David makes a lot of messy moves on his way to the throne, but God delivers him from the mess.
1 Samuel 21:1-15
David went to Nob, to Ahimelek the priest. Ahimelek trembled when he met him, and asked, “Why are you alone? Why is no one with you?” 2 David answered Ahimelek the priest, “The king sent me on a mission and said to me, ‘No one is to know anything about the mission I am sending you on.’ As for my men, I have told them to meet me at a certain place. 3 Now then, what do you have on hand? Give me five loaves of bread, or whatever you can find.”
4 But the priest answered David, “I don’t have any ordinary bread on hand; however, there is some consecrated bread here—provided the men have kept themselves from women.”
5 David replied, “Indeed women have been kept from us, as usual whenever I set out. The men’s bodies are holy even on missions that are not holy. How much more so today!” 6 So the priest gave him the consecrated bread, since there was no bread there except the bread of the Presence that had been removed from before the Lord and replaced by hot bread on the day it was taken away.
7 Now one of Saul’s servants was there that day, detained before the Lord; he was Doeg the Edomite, Saul’s chief shepherd.
8 David asked Ahimelek, “Don’t you have a spear or a sword here? I haven’t brought my sword or any other weapon, because the king’s mission was urgent.”
9 The priest replied, “The sword of Goliath the Philistine, whom you killed in the Valley of Elah, is here; it is wrapped in a cloth behind the ephod. If you want it, take it; there is no sword here but that one.”
David said, “There is none like it; give it to me.”
10 That day David fled from Saul and went to Achish king of Gath. 11 But the servants of Achish said to him, “Isn’t this David, the king of the land? Isn’t he the one they sing about in their dances:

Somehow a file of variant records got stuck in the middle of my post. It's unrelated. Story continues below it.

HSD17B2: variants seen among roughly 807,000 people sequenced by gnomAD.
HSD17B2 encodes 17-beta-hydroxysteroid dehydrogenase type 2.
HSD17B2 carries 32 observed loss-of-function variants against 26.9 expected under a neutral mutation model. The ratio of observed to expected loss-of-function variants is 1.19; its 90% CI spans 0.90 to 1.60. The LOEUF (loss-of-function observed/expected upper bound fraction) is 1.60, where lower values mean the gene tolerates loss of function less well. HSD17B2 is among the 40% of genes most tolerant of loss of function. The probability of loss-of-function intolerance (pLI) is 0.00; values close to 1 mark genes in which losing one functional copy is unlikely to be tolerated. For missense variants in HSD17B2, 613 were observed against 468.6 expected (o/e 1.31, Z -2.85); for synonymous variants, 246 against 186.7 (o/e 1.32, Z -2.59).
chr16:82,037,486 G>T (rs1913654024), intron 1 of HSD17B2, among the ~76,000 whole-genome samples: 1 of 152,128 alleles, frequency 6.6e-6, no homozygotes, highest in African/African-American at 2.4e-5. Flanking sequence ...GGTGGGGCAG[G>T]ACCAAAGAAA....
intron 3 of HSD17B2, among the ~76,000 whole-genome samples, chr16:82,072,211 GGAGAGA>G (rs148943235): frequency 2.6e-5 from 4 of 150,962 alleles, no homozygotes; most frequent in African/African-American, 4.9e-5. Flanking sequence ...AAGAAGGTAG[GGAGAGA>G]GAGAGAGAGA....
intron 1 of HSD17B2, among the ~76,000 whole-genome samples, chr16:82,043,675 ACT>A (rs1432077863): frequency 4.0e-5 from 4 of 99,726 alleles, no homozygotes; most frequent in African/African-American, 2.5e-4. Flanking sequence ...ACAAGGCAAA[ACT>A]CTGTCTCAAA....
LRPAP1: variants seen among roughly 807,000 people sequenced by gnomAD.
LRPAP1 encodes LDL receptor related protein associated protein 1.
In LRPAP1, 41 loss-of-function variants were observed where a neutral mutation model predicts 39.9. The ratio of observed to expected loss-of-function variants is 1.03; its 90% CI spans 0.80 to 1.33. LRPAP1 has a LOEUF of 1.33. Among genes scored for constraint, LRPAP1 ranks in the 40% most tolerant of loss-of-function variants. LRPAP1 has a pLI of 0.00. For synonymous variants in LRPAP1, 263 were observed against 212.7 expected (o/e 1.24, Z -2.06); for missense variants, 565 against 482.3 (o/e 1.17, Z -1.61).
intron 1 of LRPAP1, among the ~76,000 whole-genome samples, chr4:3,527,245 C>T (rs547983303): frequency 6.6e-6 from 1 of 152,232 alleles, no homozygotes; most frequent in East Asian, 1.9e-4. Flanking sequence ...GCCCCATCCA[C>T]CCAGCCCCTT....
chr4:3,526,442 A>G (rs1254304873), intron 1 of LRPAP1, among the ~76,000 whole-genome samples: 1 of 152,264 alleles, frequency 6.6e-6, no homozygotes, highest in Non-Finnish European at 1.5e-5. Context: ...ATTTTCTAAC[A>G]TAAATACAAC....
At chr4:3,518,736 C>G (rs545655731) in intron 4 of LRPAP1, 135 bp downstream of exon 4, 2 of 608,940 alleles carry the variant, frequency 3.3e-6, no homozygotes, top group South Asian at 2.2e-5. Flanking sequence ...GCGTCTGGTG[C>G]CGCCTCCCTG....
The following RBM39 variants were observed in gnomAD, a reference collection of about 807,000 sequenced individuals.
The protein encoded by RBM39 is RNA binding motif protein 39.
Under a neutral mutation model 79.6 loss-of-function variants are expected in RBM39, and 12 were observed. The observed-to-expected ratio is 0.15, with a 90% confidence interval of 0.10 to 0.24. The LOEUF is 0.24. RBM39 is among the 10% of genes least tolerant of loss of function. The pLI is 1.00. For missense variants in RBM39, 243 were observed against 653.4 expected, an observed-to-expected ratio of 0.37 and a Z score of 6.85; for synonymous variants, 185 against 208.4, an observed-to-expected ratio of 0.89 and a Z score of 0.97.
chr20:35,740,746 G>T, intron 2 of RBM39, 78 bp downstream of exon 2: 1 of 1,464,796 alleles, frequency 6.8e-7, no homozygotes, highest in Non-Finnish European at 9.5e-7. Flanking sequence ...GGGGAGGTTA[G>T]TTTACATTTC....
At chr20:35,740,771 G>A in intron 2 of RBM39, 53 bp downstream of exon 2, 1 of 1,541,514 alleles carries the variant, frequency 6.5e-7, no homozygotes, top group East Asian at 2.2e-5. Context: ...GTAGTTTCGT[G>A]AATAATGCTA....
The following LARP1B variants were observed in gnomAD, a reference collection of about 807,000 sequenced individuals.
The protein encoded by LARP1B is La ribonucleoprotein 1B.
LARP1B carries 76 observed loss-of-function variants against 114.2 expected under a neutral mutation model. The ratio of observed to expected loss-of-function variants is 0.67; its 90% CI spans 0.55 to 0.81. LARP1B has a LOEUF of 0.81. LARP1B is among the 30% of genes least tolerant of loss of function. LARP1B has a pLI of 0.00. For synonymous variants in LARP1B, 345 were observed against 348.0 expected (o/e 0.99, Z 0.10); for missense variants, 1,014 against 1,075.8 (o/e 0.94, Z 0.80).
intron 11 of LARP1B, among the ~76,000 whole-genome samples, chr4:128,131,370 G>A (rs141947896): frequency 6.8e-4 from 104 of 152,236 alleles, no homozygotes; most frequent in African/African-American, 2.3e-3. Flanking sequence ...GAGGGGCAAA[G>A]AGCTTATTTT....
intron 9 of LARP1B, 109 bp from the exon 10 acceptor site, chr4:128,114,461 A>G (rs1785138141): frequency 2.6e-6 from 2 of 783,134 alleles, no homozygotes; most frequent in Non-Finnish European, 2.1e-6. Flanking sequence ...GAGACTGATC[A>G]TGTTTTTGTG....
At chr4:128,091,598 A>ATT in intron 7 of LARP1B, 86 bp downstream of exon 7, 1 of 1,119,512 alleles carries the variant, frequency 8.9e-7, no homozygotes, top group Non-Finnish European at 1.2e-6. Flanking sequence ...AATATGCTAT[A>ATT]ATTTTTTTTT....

“‘Saul has slain his thousands,
and David his tens of thousands’?”
12 David took these words to heart and was very much afraid of Achish king of Gath. 13 So he pretended to be insane in their presence; and while he was in their hands he acted like a madman, making marks on the doors of the gate and letting saliva run down his beard.
14 Achish said to his servants, “Look at the man! He is insane! Why bring him to me? 15 Am I so short of madmen that you have to bring this fellow here to carry on like this in front of me? Must this man come into my house?”
Well, this is a mess.
By this time in the story, things have deteriorated to the point where Saul is openly trying to kill David. David is on the run, and he finds himself having to make decisions on the fly in order to survive.
Let’s take a quick overview of the moves he makes in this passage:
- First, he goes to a priest for help. (The priest, all the other priests, and basically the whole village will later be killed for helping David.)
- Immediately, he lies to the priest about what’s going on. He says the king sent him on a mission, when he’s really fleeing from the king! (It’s possible the word ‘king’, in David’s mouth, could mean ‘Yahweh’—the true king—but there’s no doubt he intends for the priest to think he’s talking about Saul)
- The priest gives him some bread that really isn’t supposed to be eaten by anybody except the priests and their family. But desperate times call for desperate measures (and Jesus eventually condones this move in Mark 2:23-27).
- David asks for a weapon, claiming that he didn’t have time to grab one because his secret mission was so urgent. (David is apparently not very good at coming up with lies.) The priest gives him the sword that belonged to Goliath—the very one that David used to cut off Goliath’s head.